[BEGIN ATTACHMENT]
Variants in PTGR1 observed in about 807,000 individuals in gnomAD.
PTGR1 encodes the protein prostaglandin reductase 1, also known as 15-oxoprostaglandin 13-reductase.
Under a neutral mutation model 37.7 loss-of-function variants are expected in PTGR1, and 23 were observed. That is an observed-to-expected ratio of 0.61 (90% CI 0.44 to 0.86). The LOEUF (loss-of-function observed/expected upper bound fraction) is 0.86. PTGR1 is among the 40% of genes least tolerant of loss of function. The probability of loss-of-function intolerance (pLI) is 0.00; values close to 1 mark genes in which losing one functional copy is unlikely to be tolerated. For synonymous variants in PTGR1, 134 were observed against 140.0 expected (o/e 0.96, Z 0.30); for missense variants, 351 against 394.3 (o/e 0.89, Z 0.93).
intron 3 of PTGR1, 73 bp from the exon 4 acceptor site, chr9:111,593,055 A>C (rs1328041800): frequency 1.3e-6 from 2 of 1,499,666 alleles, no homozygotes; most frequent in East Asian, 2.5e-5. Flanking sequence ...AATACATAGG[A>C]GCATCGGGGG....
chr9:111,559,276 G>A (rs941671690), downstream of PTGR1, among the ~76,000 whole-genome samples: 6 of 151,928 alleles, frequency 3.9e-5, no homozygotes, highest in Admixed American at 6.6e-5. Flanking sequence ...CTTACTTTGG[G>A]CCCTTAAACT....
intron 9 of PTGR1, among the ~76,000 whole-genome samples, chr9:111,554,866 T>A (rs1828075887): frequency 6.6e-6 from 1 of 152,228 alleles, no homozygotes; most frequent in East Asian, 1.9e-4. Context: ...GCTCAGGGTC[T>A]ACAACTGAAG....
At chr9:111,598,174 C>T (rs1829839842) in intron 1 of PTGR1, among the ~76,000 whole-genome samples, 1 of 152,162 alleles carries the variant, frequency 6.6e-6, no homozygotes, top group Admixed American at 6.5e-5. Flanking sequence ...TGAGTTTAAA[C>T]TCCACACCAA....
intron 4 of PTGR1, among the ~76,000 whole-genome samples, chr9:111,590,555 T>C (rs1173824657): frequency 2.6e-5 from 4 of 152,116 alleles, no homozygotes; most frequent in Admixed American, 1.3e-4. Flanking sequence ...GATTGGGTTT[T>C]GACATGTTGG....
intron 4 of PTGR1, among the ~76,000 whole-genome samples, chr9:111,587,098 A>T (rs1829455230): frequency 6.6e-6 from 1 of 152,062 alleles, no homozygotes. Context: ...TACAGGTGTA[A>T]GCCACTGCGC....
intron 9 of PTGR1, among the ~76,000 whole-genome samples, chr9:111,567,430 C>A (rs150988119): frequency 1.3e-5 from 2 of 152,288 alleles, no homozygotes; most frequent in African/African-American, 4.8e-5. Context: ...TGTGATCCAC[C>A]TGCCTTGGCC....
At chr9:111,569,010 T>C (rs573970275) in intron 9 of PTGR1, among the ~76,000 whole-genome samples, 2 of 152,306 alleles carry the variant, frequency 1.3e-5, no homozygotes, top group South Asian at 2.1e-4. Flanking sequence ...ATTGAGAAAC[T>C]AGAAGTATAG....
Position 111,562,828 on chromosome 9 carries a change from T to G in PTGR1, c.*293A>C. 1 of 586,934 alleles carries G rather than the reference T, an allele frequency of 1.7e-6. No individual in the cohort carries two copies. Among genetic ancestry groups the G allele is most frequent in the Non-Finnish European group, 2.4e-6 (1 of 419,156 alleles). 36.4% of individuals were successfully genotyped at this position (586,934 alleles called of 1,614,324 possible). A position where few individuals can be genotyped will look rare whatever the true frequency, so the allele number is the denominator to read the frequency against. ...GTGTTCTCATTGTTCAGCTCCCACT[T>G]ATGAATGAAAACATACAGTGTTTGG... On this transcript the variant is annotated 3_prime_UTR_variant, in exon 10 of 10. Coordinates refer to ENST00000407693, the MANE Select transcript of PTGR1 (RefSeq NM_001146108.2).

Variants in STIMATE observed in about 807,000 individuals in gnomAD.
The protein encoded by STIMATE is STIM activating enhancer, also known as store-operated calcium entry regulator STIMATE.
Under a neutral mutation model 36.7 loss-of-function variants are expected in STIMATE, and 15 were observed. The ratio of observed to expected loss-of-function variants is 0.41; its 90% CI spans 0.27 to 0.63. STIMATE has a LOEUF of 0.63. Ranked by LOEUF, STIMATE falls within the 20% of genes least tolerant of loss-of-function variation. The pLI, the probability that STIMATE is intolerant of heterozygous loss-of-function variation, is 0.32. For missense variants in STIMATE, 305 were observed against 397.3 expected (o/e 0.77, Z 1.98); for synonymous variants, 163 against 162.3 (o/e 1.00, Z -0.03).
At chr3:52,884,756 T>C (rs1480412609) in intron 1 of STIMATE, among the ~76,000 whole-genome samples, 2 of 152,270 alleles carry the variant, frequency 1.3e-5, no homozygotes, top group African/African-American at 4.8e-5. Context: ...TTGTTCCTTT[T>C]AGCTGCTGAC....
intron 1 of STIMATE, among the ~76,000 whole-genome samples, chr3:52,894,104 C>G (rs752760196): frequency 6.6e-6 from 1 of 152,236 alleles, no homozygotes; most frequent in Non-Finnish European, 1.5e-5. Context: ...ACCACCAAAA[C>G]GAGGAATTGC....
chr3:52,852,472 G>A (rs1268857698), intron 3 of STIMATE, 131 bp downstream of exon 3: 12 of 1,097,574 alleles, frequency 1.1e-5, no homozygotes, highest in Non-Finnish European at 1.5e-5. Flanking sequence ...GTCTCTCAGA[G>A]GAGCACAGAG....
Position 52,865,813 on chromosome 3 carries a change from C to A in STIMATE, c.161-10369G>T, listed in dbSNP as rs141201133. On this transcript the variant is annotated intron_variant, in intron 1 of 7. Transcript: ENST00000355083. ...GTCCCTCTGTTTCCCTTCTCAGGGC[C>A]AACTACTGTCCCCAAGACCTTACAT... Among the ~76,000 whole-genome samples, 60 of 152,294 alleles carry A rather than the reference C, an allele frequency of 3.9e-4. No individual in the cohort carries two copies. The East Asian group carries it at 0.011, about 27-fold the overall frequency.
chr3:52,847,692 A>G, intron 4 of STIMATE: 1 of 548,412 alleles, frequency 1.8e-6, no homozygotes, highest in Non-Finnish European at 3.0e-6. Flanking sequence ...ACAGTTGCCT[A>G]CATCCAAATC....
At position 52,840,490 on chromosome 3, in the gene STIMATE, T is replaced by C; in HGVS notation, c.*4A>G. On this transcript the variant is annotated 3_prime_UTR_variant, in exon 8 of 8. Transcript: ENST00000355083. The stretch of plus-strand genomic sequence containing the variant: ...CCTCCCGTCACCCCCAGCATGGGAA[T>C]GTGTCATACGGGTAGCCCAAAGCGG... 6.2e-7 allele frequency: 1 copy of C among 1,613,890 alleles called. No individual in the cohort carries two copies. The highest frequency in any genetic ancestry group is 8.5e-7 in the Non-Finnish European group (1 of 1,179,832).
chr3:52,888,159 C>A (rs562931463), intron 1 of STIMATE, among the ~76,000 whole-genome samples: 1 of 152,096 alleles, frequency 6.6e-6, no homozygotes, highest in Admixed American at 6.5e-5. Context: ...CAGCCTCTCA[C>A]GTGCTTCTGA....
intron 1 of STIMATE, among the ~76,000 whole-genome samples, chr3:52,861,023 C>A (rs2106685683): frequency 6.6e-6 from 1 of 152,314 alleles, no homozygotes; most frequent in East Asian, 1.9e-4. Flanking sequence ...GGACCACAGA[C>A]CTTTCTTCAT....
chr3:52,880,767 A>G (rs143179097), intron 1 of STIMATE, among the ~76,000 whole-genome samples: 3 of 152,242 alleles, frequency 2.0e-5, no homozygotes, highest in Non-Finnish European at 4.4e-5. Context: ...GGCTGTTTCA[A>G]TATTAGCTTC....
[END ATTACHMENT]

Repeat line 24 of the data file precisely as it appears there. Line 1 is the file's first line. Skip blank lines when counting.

chr3:52,880,767 A>G (rs143179097), intron 1 of STIMATE, among the ~76,000 whole-genome samples: 3 of 152,242 alleles, frequency 2.0e-5, no homozygotes, highest in Non-Finnish European at 4.4e-5. Context: ...GGCTGTTTCA[A>G]TATTAGCTTC....